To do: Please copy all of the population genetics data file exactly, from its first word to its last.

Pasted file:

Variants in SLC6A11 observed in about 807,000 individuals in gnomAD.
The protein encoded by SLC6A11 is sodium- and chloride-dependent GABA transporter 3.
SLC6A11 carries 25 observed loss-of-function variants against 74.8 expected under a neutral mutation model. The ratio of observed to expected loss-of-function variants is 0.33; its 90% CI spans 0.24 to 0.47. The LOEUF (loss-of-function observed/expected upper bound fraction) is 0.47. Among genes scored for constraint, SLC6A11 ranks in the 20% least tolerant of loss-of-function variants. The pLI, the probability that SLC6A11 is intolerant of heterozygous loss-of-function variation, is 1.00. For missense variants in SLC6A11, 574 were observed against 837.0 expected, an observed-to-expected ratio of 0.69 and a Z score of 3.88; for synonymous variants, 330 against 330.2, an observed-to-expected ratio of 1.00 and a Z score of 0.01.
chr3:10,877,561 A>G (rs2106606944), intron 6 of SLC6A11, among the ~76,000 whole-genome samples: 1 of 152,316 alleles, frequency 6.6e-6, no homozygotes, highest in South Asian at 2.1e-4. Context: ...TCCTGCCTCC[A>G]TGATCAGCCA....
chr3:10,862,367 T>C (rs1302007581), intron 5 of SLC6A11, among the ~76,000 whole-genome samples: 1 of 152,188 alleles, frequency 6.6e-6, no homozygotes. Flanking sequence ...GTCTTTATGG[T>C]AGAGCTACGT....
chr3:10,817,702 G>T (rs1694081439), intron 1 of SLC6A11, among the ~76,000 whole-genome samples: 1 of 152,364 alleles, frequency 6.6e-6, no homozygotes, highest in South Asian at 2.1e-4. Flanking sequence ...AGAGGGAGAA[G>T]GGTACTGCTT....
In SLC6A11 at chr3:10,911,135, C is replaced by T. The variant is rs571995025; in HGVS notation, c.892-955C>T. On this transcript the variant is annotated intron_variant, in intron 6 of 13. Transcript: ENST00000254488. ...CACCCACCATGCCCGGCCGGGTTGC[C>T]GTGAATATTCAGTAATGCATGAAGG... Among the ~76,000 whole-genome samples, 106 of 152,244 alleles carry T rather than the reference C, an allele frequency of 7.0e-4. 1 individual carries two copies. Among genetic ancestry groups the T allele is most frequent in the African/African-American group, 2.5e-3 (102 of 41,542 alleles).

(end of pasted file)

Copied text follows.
Variants in SLC6A11 observed in about 807,000 individuals in gnomAD.
The protein encoded by SLC6A11 is sodium- and chloride-dependent GABA transporter 3.
SLC6A11 carries 25 observed loss-of-function variants against 74.8 expected under a neutral mutation model. The ratio of observed to expected loss-of-function variants is 0.33; its 90% CI spans 0.24 to 0.47. The LOEUF (loss-of-function observed/expected upper bound fraction) is 0.47. Among genes scored for constraint, SLC6A11 ranks in the 20% least tolerant of loss-of-function variants. The pLI, the probability that SLC6A11 is intolerant of heterozygous loss-of-function variation, is 1.00. For missense variants in SLC6A11, 574 were observed against 837.0 expected, an observed-to-expected ratio of 0.69 and a Z score of 3.88; for synonymous variants, 330 against 330.2, an observed-to-expected ratio of 1.00 and a Z score of 0.01.
chr3:10,877,561 A>G (rs2106606944), intron 6 of SLC6A11, among the ~76,000 whole-genome samples: 1 of 152,316 alleles, frequency 6.6e-6, no homozygotes, highest in South Asian at 2.1e-4. Context: ...TCCTGCCTCC[A>G]TGATCAGCCA....
chr3:10,862,367 T>C (rs1302007581), intron 5 of SLC6A11, among the ~76,000 whole-genome samples: 1 of 152,188 alleles, frequency 6.6e-6, no homozygotes. Flanking sequence ...GTCTTTATGG[T>C]AGAGCTACGT....
chr3:10,817,702 G>T (rs1694081439), intron 1 of SLC6A11, among the ~76,000 whole-genome samples: 1 of 152,364 alleles, frequency 6.6e-6, no homozygotes, highest in South Asian at 2.1e-4. Flanking sequence ...AGAGGGAGAA[G>T]GGTACTGCTT....
In SLC6A11 at chr3:10,911,135, C is replaced by T. The variant is rs571995025; in HGVS notation, c.892-955C>T. On this transcript the variant is annotated intron_variant, in intron 6 of 13. Transcript: ENST00000254488. ...CACCCACCATGCCCGGCCGGGTTGC[C>T]GTGAATATTCAGTAATGCATGAAGG... Among the ~76,000 whole-genome samples, 106 of 152,244 alleles carry T rather than the reference C, an allele frequency of 7.0e-4. 1 individual carries two copies. Among genetic ancestry groups the T allele is most frequent in the African/African-American group, 2.5e-3 (102 of 41,542 alleles).